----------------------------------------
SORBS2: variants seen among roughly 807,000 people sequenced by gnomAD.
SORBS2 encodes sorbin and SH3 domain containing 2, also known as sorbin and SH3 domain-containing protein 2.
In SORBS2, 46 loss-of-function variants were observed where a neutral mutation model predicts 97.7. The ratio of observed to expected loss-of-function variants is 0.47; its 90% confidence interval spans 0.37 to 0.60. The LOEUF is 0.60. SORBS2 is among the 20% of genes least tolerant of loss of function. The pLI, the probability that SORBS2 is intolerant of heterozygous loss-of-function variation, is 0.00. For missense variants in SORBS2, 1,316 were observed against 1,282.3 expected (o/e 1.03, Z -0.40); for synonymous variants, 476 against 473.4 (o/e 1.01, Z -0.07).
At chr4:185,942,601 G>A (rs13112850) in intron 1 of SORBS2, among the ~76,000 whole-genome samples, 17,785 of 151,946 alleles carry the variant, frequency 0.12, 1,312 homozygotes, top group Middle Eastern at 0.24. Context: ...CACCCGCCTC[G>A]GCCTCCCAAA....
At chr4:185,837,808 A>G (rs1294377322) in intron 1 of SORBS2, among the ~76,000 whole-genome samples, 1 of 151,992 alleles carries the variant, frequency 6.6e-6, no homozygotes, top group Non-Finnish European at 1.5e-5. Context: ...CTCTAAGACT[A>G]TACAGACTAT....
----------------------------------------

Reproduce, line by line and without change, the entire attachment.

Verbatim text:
SORBS2: variants seen among roughly 807,000 people sequenced by gnomAD.
SORBS2 encodes sorbin and SH3 domain containing 2, also known as sorbin and SH3 domain-containing protein 2.
In SORBS2, 46 loss-of-function variants were observed where a neutral mutation model predicts 97.7. The ratio of observed to expected loss-of-function variants is 0.47; its 90% confidence interval spans 0.37 to 0.60. The LOEUF is 0.60. SORBS2 is among the 20% of genes least tolerant of loss of function. The pLI, the probability that SORBS2 is intolerant of heterozygous loss-of-function variation, is 0.00. For missense variants in SORBS2, 1,316 were observed against 1,282.3 expected (o/e 1.03, Z -0.40); for synonymous variants, 476 against 473.4 (o/e 1.01, Z -0.07).
At chr4:185,942,601 G>A (rs13112850) in intron 1 of SORBS2, among the ~76,000 whole-genome samples, 17,785 of 151,946 alleles carry the variant, frequency 0.12, 1,312 homozygotes, top group Middle Eastern at 0.24. Context: ...CACCCGCCTC[G>A]GCCTCCCAAA....
At chr4:185,837,808 A>G (rs1294377322) in intron 1 of SORBS2, among the ~76,000 whole-genome samples, 1 of 151,992 alleles carries the variant, frequency 6.6e-6, no homozygotes, top group Non-Finnish European at 1.5e-5. Context: ...CTCTAAGACT[A>G]TACAGACTAT....